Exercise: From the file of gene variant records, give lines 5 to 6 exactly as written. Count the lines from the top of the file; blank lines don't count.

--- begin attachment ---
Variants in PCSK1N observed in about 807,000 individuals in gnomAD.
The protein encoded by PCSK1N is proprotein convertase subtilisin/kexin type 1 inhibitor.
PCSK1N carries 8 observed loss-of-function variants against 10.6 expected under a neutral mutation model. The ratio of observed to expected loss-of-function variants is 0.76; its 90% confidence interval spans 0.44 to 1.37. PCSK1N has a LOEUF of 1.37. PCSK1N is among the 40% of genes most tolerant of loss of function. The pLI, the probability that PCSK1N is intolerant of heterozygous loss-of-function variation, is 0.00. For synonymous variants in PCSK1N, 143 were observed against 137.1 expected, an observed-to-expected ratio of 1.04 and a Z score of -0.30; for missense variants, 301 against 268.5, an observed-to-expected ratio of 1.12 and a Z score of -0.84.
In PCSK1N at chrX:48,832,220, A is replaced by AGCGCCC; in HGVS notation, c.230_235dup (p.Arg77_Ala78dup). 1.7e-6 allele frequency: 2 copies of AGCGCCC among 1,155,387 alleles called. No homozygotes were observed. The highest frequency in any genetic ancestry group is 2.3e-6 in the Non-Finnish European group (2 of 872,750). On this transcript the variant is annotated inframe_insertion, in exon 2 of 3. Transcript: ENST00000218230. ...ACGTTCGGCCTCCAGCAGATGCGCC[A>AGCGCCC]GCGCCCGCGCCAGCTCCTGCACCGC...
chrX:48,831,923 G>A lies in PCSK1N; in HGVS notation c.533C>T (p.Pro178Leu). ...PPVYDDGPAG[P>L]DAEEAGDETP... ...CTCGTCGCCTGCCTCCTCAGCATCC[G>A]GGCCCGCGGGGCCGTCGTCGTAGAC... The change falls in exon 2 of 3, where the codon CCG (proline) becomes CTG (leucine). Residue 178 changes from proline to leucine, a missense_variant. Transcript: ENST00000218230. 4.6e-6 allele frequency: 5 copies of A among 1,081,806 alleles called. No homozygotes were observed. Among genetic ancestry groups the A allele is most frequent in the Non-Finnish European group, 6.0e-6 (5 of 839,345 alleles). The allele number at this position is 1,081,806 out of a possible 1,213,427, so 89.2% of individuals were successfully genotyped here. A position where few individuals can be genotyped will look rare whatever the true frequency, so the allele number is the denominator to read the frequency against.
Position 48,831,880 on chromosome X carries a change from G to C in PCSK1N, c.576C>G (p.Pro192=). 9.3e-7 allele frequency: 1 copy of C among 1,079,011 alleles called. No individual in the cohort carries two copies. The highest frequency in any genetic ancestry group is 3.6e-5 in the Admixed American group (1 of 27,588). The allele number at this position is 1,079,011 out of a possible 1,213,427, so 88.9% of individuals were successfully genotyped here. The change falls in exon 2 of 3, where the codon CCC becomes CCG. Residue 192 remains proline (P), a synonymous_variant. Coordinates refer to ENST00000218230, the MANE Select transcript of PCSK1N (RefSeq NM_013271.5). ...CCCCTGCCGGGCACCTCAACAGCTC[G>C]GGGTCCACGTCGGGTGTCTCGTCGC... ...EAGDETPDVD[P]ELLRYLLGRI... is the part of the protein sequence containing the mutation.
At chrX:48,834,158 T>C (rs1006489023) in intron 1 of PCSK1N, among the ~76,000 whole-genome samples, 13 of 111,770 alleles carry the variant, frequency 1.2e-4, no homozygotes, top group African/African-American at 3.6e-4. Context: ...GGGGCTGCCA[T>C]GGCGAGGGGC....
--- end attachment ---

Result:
chrX:48,831,923 G>A lies in PCSK1N; in HGVS notation c.533C>T (p.Pro178Leu). ...PPVYDDGPAG[P>L]DAEEAGDETP... ...CTCGTCGCCTGCCTCCTCAGCATCC[G>A]GGCCCGCGGGGCCGTCGTCGTAGAC... The change falls in exon 2 of 3, where the codon CCG (proline) becomes CTG (leucine). Residue 178 changes from proline to leucine, a missense_variant. Transcript: ENST00000218230. 4.6e-6 allele frequency: 5 copies of A among 1,081,806 alleles called. No homozygotes were observed. Among genetic ancestry groups the A allele is most frequent in the Non-Finnish European group, 6.0e-6 (5 of 839,345 alleles). The allele number at this position is 1,081,806 out of a possible 1,213,427, so 89.2% of individuals were successfully genotyped here. A position where few individuals can be genotyped will look rare whatever the true frequency, so the allele number is the denominator to read the frequency against.
Position 48,831,880 on chromosome X carries a change from G to C in PCSK1N, c.576C>G (p.Pro192=). 9.3e-7 allele frequency: 1 copy of C among 1,079,011 alleles called. No individual in the cohort carries two copies. The highest frequency in any genetic ancestry group is 3.6e-5 in the Admixed American group (1 of 27,588). The allele number at this position is 1,079,011 out of a possible 1,213,427, so 88.9% of individuals were successfully genotyped here. The change falls in exon 2 of 3, where the codon CCC becomes CCG. Residue 192 remains proline (P), a synonymous_variant. Coordinates refer to ENST00000218230, the MANE Select transcript of PCSK1N (RefSeq NM_013271.5). ...CCCCTGCCGGGCACCTCAACAGCTC[G>C]GGGTCCACGTCGGGTGTCTCGTCGC... ...EAGDETPDVD[P]ELLRYLLGRI... is the part of the protein sequence containing the mutation.